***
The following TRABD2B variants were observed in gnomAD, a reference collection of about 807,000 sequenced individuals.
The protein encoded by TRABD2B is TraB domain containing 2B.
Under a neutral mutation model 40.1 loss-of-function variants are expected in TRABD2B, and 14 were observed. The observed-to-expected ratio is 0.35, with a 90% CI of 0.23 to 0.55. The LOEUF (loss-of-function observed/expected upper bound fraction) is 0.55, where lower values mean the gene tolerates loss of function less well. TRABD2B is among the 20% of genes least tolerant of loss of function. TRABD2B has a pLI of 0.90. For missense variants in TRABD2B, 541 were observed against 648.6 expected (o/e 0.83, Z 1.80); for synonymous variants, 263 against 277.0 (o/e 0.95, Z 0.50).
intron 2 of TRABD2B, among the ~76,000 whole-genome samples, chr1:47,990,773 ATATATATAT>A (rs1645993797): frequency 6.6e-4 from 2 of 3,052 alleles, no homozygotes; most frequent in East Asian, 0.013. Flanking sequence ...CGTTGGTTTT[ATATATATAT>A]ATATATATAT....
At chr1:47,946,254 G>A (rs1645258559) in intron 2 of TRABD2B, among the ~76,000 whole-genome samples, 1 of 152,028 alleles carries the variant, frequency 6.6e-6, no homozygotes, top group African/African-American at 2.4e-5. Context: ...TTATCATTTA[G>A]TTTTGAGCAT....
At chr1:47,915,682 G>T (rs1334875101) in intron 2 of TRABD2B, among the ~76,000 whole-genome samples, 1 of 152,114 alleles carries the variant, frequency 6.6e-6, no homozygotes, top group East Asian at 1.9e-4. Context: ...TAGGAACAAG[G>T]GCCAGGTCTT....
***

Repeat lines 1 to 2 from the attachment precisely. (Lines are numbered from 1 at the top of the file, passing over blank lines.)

The following TRABD2B variants were observed in gnomAD, a reference collection of about 807,000 sequenced individuals.
The protein encoded by TRABD2B is TraB domain containing 2B.